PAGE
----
Your youth is supposed to be a time of innocence, discovery, and love. However, with naivety comes fear. Consequently, our minds play tricks on us, and it can be tough to pick out the facts from fiction. Varney Lake is the second instalment of the Pixel Pups series. As such, fans of Mothman 1966 will know what to expect. However, no prior knowledge is required to enjoy this title.
Developed by LCB Game Studio and published by Chorus Worldwide, this is an interactive adventure. Moreover, it has several branching storylines, oodles of mini-games, and some loveable characters. Subsequently, there is romance, childish hi-jinx, and a distinct coming-of-age undertone. However, there is also a sense of wonderment all wrapped up in a pixelated and dated package.
Varney Lake tells a story of friendship and exploration.
The plot of Varney Lake feels like an 80s adventure film. With bullies, underdogs, and plenty of strange goings on, this tells a captivating story. The “Only Child Club” comprises two cousins, Christine and Doug, and their friend, Jimmy. This trio of youngsters dream of a place of their own and plan outrageous ways to make money. Furthermore, they undertake every task with pride and determination as they work towards an end goal.
Talking of end goals, sadly, Varney Lake’s ending (s) feels rushed and poorly explained. Throughout the short game, you enjoy a handsome filler of background stories and meaningful chit-chat. Yet, the final moments are hurried and not in keeping with the remainder of the tale. Additionally, if you’ve played its predecessor, you’ll realise this is somewhat melancholy by comparison. This isn’t a complaint. However, there are no action sequences and the mini-games are the only thing that breaks up the flow of the game.
Jimmy is the master of new games. Accordingly, you get to experience his new creations. These rudimentary ideas use classic dice and card games while adding a new and unique twist. Each of the games is explained to you in the form of a discussion between the group. Amusingly, the cousins rarely know what is happening, and this adds a layer of humour to a dark and occasionally weird plot.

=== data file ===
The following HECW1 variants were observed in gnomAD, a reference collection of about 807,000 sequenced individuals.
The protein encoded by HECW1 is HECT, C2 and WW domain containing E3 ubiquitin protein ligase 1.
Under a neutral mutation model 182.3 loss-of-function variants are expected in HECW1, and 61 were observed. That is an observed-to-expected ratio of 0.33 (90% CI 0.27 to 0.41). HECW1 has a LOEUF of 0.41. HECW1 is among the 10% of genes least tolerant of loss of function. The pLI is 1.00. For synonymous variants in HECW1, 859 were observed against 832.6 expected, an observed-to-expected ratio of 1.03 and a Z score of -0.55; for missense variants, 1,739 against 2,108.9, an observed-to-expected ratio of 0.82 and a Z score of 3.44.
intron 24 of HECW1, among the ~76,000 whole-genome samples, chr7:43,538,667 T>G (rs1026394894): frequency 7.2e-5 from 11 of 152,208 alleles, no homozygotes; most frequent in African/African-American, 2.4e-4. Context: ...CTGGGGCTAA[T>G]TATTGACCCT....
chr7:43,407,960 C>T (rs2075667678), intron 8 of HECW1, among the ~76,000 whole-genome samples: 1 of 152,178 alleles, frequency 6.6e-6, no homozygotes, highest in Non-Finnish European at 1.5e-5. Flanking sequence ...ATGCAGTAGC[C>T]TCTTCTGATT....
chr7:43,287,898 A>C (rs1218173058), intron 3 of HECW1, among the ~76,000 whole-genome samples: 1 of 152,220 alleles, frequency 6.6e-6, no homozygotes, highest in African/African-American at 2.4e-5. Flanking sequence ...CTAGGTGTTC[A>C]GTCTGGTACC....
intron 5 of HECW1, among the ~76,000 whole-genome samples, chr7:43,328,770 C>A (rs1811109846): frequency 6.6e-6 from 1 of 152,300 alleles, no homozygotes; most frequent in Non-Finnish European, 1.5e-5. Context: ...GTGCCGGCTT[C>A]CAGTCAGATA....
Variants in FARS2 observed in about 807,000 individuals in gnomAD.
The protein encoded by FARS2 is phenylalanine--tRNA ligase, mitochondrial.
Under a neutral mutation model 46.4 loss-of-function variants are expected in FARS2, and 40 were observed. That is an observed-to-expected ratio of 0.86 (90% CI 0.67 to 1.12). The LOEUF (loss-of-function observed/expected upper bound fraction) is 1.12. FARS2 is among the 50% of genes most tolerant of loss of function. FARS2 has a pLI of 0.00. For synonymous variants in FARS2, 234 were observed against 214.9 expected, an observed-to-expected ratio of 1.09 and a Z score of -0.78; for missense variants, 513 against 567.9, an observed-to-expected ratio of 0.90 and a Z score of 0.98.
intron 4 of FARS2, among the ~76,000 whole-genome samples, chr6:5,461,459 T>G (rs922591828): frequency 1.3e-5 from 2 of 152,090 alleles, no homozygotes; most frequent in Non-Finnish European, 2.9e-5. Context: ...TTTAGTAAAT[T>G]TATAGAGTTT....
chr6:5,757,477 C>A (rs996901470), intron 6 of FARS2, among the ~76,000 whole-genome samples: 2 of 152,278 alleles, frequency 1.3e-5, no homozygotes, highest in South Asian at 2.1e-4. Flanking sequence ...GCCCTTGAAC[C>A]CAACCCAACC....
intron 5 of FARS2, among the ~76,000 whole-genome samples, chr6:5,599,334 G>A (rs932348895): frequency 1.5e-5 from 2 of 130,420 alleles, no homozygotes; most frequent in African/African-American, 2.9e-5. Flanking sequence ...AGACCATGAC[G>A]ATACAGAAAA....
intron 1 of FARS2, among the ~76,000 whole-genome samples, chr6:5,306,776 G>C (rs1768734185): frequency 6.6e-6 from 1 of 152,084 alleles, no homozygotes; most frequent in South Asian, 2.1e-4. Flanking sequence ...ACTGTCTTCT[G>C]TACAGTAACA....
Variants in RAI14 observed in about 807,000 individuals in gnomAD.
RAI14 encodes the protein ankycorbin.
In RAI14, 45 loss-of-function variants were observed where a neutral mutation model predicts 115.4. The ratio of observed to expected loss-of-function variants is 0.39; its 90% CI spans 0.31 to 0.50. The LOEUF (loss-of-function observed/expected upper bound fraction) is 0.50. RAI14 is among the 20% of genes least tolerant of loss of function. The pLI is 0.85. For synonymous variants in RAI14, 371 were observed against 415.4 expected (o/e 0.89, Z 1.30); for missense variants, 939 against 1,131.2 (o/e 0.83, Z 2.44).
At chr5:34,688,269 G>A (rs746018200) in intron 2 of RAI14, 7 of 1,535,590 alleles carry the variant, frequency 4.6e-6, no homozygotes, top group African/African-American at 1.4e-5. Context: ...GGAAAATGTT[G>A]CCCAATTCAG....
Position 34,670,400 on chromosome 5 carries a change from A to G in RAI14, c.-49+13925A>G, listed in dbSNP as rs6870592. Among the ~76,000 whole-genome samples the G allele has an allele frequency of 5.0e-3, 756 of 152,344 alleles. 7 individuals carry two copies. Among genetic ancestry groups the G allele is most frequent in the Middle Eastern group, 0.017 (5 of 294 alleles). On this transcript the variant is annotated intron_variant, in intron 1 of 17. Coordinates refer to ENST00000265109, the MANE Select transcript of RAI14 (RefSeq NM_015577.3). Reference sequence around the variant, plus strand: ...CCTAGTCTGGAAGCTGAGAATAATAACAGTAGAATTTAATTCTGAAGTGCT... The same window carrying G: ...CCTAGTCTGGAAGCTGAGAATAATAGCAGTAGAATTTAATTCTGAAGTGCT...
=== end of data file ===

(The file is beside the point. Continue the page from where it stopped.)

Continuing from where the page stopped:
The mini-games are fun and simple, and form the backbone of many of the achievements. As such, completionists will have to master each one if they wish to complete this game. Alongside the money-making ideas, you’ll “enjoy” a spot of fishing. A legendary fish must be caught, and you are the team to make this happen. Sadly, though, the explanation behind this activity was badly explained, and I had zero idea of what I was doing. Therefore, I found it unnecessarily frustrating.
Varney Lake belongs on a 5.25″ floppy disk.
Varney Lake is reminiscent of a game belonging to an IBM computer. Its dated aesthetic is garish, pixelated, and wonderfully brash. Moreover, the text is sharp and basic, and the animation is practically non-existent. Furthermore, the backdrops are simple but effective and the characters lack a modern polish. Yet, I loved the retro style as it matched the slow gameplay and the weird storyline.
Alongside this, the audio is shrill, loud, and obnoxious. With minimal music and irritating sound effects, it could be an 80s cult classic. Disappointingly, though, the developers missed a trick! The lack of music and the reliance on sound effects create a hollow product. Yet, the game was suspenseful and tense. However, some creepy 80s-inspired tunes would have complemented the gameplay while overcoming this issue.
Thanks to the slow-paced and minimalist gameplay, the controls are simple. With limited inputs and no action sequences, you won’t struggle to pick this up. My only complaint is the poorly explained fishing. I desperately wanted to enjoy everything on offer, but despite the tutorial, I still was none the wiser.
Varney Lake takes around 2-3 hours to finish. However, if you wish to find every mini-game and see each ending, you’ll have to replay the game multiple times. On top of this, completionists will struggle unless they can work out the instructions for each money-making scheme. As such, this has limited replay value and longevity.
Varney Lake focuses on a new direction.
Mothman 1966 creates a higher tempo and more upbeat experience. Consequently, Varney Lake is missing these elements from its gameplay. Yet, the slower story and interesting plot twists keep you focused during each short playthrough. Additionally, I loved the unique mini-games and the relationship between the gang. Accordingly, I enjoyed it and I recommend that you buy it here! Will the kids fulfil their dream and earn enough money? Explore your surroundings, play some games, and don’t talk to strangers.